The Summer Doldrums
It’s officially almost August and while we have a lot of summer left, we can see the end. When I lived in Southern California, the summer extended year round, but up in the Arizona Highlands, there are four definite seasons. And August reminds me that I need to get things going in preparation for winter. Lots more wood needs to be cut, split and put on the racks to dry. Sometimes work gets in the way. And the stork should be delivering my new grandson sometime this month. Maybe that means that we’ll just burn more propane than wood?
I have cedar and oak in addition to Ponderosa and Douglas fir here on the property and enough of that has been felled to see me though this coming winter. I may have to go farther afield in 2020, or just buy cut and split wood.
Age brings wisdom (?) and it teaches me that things I felt were urgent, are not necessarily so urgent. I have also learned that poor planning on the part of others does not constitute an emergency for me. Those lessons were hard learned.
Old NFO inspires me to begin another book. So I’m chipping away on it.
I just finished Stephen Hunter’s new novel, Game of Snipers. It was good, but not his very best. I also finished Peter Hamilton’s sci-fi novel, Salvation. Hamilton and Hunter are both gifted writers, and I recommend their work to you.
Piracy is not the oldest profession but it’s right up there. A maritime security coalition is forming slowly. The US has formally asked Germany to join France and Britain in a mission to secure the Strait of Hormuz and to combat Iranian aggression.
This week, the UK announced the arrival of the destroyer HMS Duncan (D37) in the Persian Gulf. HMS Duncan joins the frigate HMS Montrose (F236). The UK government said HMS Montrose has escorted 34 UK ships in the past week.
South Korea announced it is shifting its anti-piracy destroyer to the Gulf to escort South Korean shipping in cooperation with US Navy assets.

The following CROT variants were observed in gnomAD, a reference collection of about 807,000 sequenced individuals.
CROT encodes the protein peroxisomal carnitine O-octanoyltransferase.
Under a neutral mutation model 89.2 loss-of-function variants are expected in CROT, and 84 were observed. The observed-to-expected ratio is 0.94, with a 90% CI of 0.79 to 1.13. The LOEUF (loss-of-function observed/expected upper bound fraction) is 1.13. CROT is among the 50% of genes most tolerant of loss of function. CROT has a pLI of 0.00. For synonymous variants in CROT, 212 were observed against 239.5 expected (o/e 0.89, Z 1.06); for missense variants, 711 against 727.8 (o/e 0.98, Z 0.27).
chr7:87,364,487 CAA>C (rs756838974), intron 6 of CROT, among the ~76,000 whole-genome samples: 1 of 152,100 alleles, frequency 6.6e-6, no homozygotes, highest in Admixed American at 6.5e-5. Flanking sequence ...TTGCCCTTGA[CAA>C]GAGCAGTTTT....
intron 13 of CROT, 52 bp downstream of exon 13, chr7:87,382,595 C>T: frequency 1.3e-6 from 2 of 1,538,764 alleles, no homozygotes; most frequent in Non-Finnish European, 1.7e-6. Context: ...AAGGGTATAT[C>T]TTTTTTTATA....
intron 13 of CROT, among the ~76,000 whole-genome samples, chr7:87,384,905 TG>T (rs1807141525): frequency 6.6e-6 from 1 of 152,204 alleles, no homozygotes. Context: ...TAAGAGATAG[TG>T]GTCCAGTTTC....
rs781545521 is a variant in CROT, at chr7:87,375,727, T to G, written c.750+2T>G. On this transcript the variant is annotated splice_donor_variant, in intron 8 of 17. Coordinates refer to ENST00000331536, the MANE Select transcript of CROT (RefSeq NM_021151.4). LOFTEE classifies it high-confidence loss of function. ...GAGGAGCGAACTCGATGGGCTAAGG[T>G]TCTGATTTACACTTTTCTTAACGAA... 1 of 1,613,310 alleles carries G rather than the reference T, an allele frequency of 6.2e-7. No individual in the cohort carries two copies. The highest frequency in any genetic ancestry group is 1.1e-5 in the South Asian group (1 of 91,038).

TASS reported on the 29th that Russia circulated at the UN a concept paper on collective security in the Gulf. Iran said that Russia and Iran have agreed to conduct joint naval drills in the northern Indian Ocean but did not specify a date.
The Iranian actions to harass and disrupt shipping in the Strait of Hormuz risk becoming a strategic blunder. Eventually, the maritime and naval powers always react strongly to shipping threats, usually for economic reasons. For example, the insurance rates for shipping in the Gulf have increased ten-fold since Iranian harassment began.
Iran has no standing in admiralty law or the UN Convention on the Law of the Sea to declare that maritime security is Iran’s responsibility. Russia’s is playing the role of spoiler and has no naval assets that it can commit to a maritime security coalition.
The major naval powers do not yet agree on the need for an anti-Iranian piracy task force or a Strait of Hormuz maritime security task force. China, other European states and India have been major actors in the Somali anti-piracy task force. Thus far, they consider the incidents a US, UK and European problem, though the Indian Navy usually stations one frigate in the Persian Gulf.
One more serious ship attack or seizure in the Strait involving Iran will likely cause the components of a coordinated security effort to coalesce. The maritime powers will not allow Iran to control shipping in the Strait of Hormuz.